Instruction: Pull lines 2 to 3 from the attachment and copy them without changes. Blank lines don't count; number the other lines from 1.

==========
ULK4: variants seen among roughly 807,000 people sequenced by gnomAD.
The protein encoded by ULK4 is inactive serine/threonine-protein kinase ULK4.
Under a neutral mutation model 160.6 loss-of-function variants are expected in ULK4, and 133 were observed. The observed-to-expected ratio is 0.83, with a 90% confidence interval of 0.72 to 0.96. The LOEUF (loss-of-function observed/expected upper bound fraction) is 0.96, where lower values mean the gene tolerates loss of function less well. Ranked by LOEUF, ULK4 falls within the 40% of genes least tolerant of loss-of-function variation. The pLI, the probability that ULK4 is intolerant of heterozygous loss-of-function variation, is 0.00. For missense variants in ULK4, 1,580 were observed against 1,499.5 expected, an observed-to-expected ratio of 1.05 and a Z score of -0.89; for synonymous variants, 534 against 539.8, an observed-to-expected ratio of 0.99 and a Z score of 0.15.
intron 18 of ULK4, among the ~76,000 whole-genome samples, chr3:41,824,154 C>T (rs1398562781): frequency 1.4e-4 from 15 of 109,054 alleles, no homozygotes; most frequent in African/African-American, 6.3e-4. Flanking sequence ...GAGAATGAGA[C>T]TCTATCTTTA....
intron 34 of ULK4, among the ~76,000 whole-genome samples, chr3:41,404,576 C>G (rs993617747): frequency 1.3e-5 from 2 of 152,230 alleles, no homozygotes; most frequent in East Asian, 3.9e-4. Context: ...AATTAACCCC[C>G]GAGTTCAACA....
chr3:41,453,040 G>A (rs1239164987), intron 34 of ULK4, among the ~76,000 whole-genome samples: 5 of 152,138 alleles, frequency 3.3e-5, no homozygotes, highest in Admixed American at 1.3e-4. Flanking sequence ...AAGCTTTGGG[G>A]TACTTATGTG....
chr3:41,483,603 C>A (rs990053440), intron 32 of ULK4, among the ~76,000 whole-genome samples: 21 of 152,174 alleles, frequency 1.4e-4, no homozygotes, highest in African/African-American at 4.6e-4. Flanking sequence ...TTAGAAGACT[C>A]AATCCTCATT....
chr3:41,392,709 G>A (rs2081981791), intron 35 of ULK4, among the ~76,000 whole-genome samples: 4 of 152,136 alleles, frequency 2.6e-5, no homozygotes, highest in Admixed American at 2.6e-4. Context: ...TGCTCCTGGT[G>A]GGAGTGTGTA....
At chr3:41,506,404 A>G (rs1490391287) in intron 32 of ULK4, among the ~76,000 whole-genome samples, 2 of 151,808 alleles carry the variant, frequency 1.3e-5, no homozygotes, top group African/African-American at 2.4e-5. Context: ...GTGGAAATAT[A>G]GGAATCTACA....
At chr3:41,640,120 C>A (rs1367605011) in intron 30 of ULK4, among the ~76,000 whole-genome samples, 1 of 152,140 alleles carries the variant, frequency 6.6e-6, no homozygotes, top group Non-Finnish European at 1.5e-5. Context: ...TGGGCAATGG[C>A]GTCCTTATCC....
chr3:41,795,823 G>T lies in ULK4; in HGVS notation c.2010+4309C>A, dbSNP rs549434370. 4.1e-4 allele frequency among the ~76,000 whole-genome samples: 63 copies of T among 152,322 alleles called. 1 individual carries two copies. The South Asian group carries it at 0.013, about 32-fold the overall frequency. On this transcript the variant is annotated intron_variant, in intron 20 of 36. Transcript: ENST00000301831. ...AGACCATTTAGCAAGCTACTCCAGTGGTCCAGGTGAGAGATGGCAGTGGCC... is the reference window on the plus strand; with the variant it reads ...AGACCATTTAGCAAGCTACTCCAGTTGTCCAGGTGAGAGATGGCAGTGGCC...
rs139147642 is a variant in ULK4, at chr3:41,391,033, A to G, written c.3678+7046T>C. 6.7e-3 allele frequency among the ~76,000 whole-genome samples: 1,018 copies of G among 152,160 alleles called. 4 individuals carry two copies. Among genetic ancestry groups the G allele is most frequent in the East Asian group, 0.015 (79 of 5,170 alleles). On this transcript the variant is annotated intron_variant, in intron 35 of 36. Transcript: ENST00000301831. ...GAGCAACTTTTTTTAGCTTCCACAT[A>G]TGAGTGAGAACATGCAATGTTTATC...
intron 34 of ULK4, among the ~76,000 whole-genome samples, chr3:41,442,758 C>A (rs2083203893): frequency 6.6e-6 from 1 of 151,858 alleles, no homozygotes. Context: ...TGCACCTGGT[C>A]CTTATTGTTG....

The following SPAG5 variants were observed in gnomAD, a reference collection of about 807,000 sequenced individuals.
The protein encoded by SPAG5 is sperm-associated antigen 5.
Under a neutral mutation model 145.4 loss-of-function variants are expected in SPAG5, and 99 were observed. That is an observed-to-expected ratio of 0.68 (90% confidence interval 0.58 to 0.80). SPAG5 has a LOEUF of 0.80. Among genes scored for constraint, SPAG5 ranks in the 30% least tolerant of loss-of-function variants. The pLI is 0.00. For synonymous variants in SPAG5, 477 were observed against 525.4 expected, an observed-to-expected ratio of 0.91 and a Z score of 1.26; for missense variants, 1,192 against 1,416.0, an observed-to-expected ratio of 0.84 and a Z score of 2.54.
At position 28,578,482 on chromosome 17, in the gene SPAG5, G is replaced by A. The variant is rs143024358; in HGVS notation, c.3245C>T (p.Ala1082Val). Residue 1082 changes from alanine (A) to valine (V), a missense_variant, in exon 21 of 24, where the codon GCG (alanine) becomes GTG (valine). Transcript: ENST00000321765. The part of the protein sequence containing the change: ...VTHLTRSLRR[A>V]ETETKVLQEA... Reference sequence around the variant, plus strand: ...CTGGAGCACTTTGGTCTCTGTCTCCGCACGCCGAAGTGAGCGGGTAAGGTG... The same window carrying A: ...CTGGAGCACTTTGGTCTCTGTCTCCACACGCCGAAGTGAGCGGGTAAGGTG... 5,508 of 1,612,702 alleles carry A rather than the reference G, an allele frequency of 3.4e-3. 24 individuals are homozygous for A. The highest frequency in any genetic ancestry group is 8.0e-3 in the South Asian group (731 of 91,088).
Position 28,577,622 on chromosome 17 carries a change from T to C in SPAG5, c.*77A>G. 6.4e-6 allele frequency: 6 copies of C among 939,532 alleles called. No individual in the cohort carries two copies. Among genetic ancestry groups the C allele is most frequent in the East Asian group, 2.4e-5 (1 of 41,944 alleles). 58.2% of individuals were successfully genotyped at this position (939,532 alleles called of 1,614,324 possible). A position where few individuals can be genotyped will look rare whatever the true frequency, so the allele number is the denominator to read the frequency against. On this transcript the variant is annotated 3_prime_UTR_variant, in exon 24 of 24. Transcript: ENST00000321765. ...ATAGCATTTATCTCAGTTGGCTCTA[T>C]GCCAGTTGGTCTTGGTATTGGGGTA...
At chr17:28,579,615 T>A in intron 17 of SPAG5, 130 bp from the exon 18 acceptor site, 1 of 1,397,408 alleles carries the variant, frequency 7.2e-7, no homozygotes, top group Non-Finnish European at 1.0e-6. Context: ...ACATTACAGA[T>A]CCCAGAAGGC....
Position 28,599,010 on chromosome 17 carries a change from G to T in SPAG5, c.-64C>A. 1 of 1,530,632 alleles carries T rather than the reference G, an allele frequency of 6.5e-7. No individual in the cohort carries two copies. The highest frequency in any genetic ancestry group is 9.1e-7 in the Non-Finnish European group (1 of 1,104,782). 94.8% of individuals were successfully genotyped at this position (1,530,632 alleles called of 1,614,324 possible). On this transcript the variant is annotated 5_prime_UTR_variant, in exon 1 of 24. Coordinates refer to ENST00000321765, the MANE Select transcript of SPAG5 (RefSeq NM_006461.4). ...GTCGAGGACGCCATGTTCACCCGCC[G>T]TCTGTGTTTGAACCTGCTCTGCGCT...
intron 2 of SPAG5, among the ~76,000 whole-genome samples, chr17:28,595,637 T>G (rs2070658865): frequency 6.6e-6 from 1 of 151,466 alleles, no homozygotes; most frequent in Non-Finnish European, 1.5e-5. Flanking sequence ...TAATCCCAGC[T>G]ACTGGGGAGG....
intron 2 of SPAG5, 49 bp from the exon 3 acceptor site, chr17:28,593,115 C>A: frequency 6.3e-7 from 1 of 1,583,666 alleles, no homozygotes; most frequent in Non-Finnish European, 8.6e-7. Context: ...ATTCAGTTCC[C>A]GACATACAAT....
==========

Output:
The protein encoded by ULK4 is inactive serine/threonine-protein kinase ULK4.
Under a neutral mutation model 160.6 loss-of-function variants are expected in ULK4, and 133 were observed. The observed-to-expected ratio is 0.83, with a 90% confidence interval of 0.72 to 0.96. The LOEUF (loss-of-function observed/expected upper bound fraction) is 0.96, where lower values mean the gene tolerates loss of function less well. Ranked by LOEUF, ULK4 falls within the 40% of genes least tolerant of loss-of-function variation. The pLI, the probability that ULK4 is intolerant of heterozygous loss-of-function variation, is 0.00. For missense variants in ULK4, 1,580 were observed against 1,499.5 expected, an observed-to-expected ratio of 1.05 and a Z score of -0.89; for synonymous variants, 534 against 539.8, an observed-to-expected ratio of 0.99 and a Z score of 0.15.